The sail of Spinosaurus, like ceratopsian frills, is something that I often thought of as a missed opportunity. Like a blank canvas, it begs to be painted, and likely sported some spectacular colors and designs. Unfortunately, most artists , at least when it comes to toy model, opt for a more simplified scheme perhaps due to accommodate the constraint production on a massive scale. On this model, the sail is on the more conservative and is given a reddish color that contrast with the various earth -tones. Despite lacking any outlandish patterns, it does however have some tan spots that form a vertical column beginning at the base of the tall neural spines. These are actually the larges scales that are painted a beige color. As minimal as the sail design may be, it hasn’t completely lost that exotic tribal look that we have come to expect from CollectA and for me the simplicity and colors remind me a lot of aboriginal Australian art. Overall, I really like the colors on this model and fits nicely to the overall feel of what a large predatory, semi-aquatic animal may have sported.
This new Spinosaurus from CollectA signals a new direction for them in many ways. There was a time not too long ago when all of the toy models we collect were all done using the traditional way of sculpting a prototype from clay or other sculpting mediums before it is then casted and molded. But technology has moved on quickly and today, the new sculpting software is becoming more of the norm as we have seen with the higher-end pvc models like PNSO, Nanmu, iToy just to name a few.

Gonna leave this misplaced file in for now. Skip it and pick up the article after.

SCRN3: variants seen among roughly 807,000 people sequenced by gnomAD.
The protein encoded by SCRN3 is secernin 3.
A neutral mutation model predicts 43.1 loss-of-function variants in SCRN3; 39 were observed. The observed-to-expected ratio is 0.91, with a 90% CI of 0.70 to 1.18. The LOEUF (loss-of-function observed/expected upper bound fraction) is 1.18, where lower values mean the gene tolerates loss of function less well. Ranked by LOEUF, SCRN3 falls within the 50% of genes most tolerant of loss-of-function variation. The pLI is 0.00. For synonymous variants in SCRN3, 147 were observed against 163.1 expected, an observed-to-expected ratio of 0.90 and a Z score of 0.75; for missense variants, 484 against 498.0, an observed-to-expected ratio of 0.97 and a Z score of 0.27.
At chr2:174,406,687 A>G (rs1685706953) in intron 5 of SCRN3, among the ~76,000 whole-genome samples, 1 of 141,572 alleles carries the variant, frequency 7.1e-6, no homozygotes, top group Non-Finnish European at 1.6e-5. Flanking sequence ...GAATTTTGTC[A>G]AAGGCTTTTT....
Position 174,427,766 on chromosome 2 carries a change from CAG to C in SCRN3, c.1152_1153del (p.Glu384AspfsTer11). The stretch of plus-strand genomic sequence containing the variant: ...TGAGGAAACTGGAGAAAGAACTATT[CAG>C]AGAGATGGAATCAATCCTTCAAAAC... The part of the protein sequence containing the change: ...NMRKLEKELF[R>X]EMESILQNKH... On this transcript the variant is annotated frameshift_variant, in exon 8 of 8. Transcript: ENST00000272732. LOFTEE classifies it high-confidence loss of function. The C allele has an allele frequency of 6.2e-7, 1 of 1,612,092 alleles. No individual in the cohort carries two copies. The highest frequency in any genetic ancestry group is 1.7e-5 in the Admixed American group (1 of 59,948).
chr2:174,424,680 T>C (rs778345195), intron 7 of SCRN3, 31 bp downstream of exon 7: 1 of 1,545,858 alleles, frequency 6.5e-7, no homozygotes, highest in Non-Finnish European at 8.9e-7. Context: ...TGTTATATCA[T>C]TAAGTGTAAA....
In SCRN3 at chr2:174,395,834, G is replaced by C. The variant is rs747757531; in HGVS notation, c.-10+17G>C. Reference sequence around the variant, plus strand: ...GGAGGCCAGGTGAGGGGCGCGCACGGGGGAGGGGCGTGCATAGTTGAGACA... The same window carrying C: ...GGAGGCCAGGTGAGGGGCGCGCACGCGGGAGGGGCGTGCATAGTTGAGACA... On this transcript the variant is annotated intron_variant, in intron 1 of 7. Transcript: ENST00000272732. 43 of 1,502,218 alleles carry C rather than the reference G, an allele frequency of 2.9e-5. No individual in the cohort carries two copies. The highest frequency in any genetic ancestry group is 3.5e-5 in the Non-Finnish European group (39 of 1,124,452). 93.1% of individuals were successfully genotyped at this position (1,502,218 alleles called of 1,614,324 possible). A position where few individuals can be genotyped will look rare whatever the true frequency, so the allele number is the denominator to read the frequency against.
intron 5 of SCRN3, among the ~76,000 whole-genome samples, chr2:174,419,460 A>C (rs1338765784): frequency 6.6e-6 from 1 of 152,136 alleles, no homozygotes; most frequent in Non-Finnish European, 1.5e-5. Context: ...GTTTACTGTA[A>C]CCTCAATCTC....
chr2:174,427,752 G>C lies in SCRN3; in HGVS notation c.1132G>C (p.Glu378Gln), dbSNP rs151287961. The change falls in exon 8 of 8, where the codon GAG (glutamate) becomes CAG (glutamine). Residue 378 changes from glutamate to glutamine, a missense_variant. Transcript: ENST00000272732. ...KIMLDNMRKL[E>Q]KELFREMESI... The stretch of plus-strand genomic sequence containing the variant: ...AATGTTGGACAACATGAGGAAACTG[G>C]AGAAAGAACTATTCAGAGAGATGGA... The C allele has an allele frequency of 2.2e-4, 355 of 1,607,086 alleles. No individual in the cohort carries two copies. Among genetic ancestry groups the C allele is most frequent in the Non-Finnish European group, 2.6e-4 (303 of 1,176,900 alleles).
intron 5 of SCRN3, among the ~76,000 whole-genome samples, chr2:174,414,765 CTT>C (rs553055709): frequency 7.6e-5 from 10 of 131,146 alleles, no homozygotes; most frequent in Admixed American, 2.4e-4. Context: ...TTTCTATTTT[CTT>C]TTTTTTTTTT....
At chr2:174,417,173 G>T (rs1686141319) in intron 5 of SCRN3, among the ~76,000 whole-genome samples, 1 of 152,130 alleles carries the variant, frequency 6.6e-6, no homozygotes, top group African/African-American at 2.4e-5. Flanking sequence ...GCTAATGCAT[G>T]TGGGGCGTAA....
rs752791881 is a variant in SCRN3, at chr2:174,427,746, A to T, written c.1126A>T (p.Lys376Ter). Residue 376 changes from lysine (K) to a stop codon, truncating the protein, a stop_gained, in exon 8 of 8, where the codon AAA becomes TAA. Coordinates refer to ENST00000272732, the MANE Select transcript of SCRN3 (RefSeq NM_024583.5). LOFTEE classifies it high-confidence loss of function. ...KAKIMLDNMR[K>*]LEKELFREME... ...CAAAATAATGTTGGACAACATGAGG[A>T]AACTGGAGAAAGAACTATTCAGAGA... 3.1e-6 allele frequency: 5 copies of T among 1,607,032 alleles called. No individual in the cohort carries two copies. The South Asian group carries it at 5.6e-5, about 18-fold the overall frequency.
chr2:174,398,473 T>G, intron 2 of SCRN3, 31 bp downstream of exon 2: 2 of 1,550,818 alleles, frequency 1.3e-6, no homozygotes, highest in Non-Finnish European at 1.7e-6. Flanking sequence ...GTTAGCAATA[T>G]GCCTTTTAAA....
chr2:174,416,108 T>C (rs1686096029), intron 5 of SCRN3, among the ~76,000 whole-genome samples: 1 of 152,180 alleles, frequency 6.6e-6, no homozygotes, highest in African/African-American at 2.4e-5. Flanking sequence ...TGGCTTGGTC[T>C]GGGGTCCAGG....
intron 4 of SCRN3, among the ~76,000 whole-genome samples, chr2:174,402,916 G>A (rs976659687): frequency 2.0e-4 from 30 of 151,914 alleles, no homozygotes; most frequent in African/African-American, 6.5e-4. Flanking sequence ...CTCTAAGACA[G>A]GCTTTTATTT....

With new sculpting software like Zbrush quickly gaining dominance in the industry, companies like CollectA have to adapt and find ways to integrate this new technology into their production. There are many reasons and benefits to using this software like expediting the sculpting process and making adjustments and corrections easier. But this technology also has an unintended consequence: the loss of that distinctive character, that artist’s unique signature sculpting style seen on more traditionally sculpted models.
If you look at all the models from other brands that are now exclusively sculpted using software, you start to see the monotony as each one starts to look very similar to each other that it’s hard to distinguish which figure belongs to which brands no matter how polished they all look. It is this monotonous look, as exquisite as these models may be, that is edging out the distinctive, signature feel of the traditionally sculpted models.CollectA started integrating the software Z-brush in sculpting their models which I believe started just a few years ago (2017 perhaps?). The change is subtle and gradual yet noticeable especially when you compare the models from pre-2017 to those that came after. While the models start out as designed and sculpted using Z-brush, there is still some old-style sculpting involved in the final stage.